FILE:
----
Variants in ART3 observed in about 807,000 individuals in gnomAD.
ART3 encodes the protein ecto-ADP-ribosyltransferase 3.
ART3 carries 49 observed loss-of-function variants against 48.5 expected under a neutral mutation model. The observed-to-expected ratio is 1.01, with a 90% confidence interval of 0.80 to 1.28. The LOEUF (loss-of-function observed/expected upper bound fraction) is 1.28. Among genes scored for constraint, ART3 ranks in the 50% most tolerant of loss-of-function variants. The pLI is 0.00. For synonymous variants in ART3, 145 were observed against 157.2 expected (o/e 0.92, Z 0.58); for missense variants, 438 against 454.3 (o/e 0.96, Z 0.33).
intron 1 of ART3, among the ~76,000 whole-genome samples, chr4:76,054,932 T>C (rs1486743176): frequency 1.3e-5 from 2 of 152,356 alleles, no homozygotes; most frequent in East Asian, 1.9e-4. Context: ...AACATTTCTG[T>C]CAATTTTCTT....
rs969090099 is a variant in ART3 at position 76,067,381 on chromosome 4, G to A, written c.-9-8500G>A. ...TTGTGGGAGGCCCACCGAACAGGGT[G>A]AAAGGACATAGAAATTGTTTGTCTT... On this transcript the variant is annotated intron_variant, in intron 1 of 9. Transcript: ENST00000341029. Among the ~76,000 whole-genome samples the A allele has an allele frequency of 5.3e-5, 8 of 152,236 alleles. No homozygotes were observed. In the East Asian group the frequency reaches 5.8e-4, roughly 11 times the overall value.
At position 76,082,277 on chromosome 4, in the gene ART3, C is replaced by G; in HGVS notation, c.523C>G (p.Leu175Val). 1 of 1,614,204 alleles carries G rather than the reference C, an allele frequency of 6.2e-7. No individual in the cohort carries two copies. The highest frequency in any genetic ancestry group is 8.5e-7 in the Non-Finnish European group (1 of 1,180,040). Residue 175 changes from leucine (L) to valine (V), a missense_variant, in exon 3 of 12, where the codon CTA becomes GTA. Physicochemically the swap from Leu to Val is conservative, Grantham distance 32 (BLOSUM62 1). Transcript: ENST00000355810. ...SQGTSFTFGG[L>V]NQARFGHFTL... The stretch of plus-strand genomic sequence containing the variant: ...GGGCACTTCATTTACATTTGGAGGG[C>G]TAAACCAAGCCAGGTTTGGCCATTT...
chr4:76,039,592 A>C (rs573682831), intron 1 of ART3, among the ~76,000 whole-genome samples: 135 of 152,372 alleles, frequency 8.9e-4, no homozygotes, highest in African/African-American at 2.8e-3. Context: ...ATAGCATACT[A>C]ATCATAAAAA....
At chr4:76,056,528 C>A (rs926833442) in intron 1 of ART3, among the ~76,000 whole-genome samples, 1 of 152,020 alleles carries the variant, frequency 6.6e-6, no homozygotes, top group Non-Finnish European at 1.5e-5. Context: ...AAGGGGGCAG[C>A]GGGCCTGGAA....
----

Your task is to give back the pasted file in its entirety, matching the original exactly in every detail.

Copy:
Variants in ART3 observed in about 807,000 individuals in gnomAD.
ART3 encodes the protein ecto-ADP-ribosyltransferase 3.
ART3 carries 49 observed loss-of-function variants against 48.5 expected under a neutral mutation model. The observed-to-expected ratio is 1.01, with a 90% confidence interval of 0.80 to 1.28. The LOEUF (loss-of-function observed/expected upper bound fraction) is 1.28. Among genes scored for constraint, ART3 ranks in the 50% most tolerant of loss-of-function variants. The pLI is 0.00. For synonymous variants in ART3, 145 were observed against 157.2 expected (o/e 0.92, Z 0.58); for missense variants, 438 against 454.3 (o/e 0.96, Z 0.33).
intron 1 of ART3, among the ~76,000 whole-genome samples, chr4:76,054,932 T>C (rs1486743176): frequency 1.3e-5 from 2 of 152,356 alleles, no homozygotes; most frequent in East Asian, 1.9e-4. Context: ...AACATTTCTG[T>C]CAATTTTCTT....
rs969090099 is a variant in ART3 at position 76,067,381 on chromosome 4, G to A, written c.-9-8500G>A. ...TTGTGGGAGGCCCACCGAACAGGGT[G>A]AAAGGACATAGAAATTGTTTGTCTT... On this transcript the variant is annotated intron_variant, in intron 1 of 9. Transcript: ENST00000341029. Among the ~76,000 whole-genome samples the A allele has an allele frequency of 5.3e-5, 8 of 152,236 alleles. No homozygotes were observed. In the East Asian group the frequency reaches 5.8e-4, roughly 11 times the overall value.
At position 76,082,277 on chromosome 4, in the gene ART3, C is replaced by G; in HGVS notation, c.523C>G (p.Leu175Val). 1 of 1,614,204 alleles carries G rather than the reference C, an allele frequency of 6.2e-7. No individual in the cohort carries two copies. The highest frequency in any genetic ancestry group is 8.5e-7 in the Non-Finnish European group (1 of 1,180,040). Residue 175 changes from leucine (L) to valine (V), a missense_variant, in exon 3 of 12, where the codon CTA becomes GTA. Physicochemically the swap from Leu to Val is conservative, Grantham distance 32 (BLOSUM62 1). Transcript: ENST00000355810. ...SQGTSFTFGG[L>V]NQARFGHFTL... The stretch of plus-strand genomic sequence containing the variant: ...GGGCACTTCATTTACATTTGGAGGG[C>G]TAAACCAAGCCAGGTTTGGCCATTT...
chr4:76,039,592 A>C (rs573682831), intron 1 of ART3, among the ~76,000 whole-genome samples: 135 of 152,372 alleles, frequency 8.9e-4, no homozygotes, highest in African/African-American at 2.8e-3. Context: ...ATAGCATACT[A>C]ATCATAAAAA....
At chr4:76,056,528 C>A (rs926833442) in intron 1 of ART3, among the ~76,000 whole-genome samples, 1 of 152,020 alleles carries the variant, frequency 6.6e-6, no homozygotes, top group Non-Finnish European at 1.5e-5. Context: ...AAGGGGGCAG[C>A]GGGCCTGGAA....